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Scanner Based Spectrum Estimation of Inkjet Printed Colors

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Fast and accurate color measurement devices would have benefitted printing in general and specifically commercial and industrial printing presses, however, such devices are expensive and are therefore not always available. On the other hand, a scanner is cheap and available in most print services providers, and is sometimes even integrated in the output paper path of commercial presses, e.g. the HP7500 press. It is commonly agreed that scanners are not color measurement devices - certainly not accurate ones. This paper shows feasibility of providing printer output spectrum estimation using a scanner as the measuring device. Such a method could further be used for colorimetry and color characterization. To do that we need to estimate the color specification of a scanner - or - the mapping function from the spectrum to the scanner measurements, which we will consequently invert. Unlike traditional methods that ignore the printing process, we propose to use the printer color model as a prior knowledge to perform accurate spectrum estimation. The applicability generality and high quality of the proposed method are demonstrated on two different printing processes: a Thermal Inkjet printer and an LEP (HP Indigo) press.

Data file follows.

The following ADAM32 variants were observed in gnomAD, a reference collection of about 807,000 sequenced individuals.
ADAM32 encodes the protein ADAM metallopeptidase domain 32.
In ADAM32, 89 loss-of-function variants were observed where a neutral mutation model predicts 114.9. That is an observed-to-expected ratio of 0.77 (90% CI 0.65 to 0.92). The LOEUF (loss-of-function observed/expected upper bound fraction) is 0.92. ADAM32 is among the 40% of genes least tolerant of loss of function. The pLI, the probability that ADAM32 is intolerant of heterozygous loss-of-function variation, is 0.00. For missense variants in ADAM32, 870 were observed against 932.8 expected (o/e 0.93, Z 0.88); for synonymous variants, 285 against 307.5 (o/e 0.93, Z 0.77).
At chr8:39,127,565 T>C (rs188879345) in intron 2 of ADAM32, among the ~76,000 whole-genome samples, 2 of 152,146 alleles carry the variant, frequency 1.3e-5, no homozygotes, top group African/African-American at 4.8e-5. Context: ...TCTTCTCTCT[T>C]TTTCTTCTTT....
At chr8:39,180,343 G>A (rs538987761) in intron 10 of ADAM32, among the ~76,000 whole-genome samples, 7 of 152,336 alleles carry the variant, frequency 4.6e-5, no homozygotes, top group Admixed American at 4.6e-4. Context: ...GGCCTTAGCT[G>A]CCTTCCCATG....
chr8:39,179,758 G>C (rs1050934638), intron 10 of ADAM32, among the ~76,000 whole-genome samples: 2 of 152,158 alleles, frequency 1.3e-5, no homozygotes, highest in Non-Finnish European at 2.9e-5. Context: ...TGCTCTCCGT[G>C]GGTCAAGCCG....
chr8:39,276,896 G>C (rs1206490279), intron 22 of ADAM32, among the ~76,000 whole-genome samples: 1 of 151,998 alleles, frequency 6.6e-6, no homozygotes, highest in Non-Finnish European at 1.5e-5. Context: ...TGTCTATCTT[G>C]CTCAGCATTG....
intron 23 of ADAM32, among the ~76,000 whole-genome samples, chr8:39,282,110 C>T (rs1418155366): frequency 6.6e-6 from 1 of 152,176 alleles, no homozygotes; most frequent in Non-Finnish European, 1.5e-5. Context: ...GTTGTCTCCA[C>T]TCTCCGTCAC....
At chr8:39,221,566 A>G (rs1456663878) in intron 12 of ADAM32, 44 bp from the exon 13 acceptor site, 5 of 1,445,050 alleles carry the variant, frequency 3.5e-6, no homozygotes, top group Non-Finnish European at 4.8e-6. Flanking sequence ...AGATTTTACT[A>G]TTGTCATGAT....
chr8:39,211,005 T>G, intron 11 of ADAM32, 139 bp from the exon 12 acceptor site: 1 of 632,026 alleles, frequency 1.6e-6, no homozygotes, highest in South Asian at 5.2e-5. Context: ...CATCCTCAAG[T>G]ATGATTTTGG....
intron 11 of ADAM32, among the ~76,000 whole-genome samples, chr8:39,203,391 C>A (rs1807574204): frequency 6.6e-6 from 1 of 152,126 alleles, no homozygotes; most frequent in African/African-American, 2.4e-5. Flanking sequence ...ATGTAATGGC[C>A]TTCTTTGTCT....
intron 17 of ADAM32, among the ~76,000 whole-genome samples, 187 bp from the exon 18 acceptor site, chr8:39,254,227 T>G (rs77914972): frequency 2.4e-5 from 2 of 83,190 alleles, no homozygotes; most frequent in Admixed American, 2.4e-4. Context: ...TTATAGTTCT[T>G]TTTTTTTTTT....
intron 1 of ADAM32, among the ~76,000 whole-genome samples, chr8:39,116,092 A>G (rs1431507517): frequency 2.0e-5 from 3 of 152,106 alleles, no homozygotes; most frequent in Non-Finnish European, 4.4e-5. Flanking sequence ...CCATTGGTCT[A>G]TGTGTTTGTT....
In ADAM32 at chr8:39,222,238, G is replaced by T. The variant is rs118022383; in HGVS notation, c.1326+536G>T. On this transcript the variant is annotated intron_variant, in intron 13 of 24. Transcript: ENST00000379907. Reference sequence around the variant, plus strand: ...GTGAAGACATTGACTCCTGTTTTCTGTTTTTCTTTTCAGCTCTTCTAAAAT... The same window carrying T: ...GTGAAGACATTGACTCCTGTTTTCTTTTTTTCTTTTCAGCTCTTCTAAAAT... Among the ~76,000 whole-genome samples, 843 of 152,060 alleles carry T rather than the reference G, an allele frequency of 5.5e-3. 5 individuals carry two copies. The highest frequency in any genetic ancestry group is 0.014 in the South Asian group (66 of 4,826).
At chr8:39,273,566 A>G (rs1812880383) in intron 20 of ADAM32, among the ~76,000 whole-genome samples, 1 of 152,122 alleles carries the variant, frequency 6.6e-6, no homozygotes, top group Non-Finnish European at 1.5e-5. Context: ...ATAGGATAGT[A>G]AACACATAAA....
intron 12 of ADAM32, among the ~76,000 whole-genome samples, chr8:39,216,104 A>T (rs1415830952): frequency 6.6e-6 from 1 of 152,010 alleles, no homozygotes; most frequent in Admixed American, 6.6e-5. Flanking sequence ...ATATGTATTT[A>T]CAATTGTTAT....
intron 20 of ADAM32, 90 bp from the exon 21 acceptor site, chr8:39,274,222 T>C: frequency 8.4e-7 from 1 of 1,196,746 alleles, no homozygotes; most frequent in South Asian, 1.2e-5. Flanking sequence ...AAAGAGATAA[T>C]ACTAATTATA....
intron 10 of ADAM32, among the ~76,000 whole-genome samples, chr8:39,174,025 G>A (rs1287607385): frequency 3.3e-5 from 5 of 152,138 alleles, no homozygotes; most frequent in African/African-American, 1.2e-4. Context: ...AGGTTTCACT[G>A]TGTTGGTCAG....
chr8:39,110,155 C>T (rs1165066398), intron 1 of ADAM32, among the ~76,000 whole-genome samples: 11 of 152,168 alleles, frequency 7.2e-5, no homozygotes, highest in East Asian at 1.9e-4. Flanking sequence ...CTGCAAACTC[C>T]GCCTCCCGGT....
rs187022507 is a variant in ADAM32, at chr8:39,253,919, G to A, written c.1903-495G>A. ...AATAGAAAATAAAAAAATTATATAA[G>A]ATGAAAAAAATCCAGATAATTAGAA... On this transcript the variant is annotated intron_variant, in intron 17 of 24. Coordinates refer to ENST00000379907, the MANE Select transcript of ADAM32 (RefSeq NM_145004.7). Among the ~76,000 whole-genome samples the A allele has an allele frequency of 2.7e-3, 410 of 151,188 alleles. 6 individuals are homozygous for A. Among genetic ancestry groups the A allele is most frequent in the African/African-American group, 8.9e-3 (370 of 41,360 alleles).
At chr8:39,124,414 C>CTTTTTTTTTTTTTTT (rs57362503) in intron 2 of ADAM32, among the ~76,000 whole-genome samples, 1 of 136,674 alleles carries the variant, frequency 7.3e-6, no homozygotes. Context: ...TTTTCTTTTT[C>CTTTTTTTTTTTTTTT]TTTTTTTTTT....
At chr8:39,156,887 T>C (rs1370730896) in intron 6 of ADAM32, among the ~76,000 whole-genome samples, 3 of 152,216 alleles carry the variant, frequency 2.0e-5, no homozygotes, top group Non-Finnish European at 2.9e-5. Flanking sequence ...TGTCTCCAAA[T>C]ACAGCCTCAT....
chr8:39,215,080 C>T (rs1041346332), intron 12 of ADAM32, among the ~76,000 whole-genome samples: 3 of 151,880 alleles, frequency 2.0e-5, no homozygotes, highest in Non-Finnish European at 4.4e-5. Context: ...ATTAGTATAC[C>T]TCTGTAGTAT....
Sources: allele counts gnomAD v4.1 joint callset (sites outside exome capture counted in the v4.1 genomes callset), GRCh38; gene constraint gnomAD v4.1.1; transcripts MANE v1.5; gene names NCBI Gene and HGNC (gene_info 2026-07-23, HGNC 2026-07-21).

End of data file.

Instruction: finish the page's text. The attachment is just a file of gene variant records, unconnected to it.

Document Type: Research Article

Publication date: 2011-01-01

More about this publication?
  • CIC is the premier annual technical gathering for scientists, technologists, and engineers working in the areas of color science and systems, and their application to color imaging. Participants represent disciplines ranging from psychophysics, optical physics, image processing, color science to graphic arts, systems engineering, and hardware and software development. While a broad mix of professional interests is the hallmark of these conferences, the focus is color. CICs traditionally offer two days of short courses followed by three days of technical sessions that include three keynotes, an evening lecture, and a vibrant interactive papers session. An endearing symbol of the meeting is the Cactus Award, given each year to the author(s) of the best interactive paper presentation.

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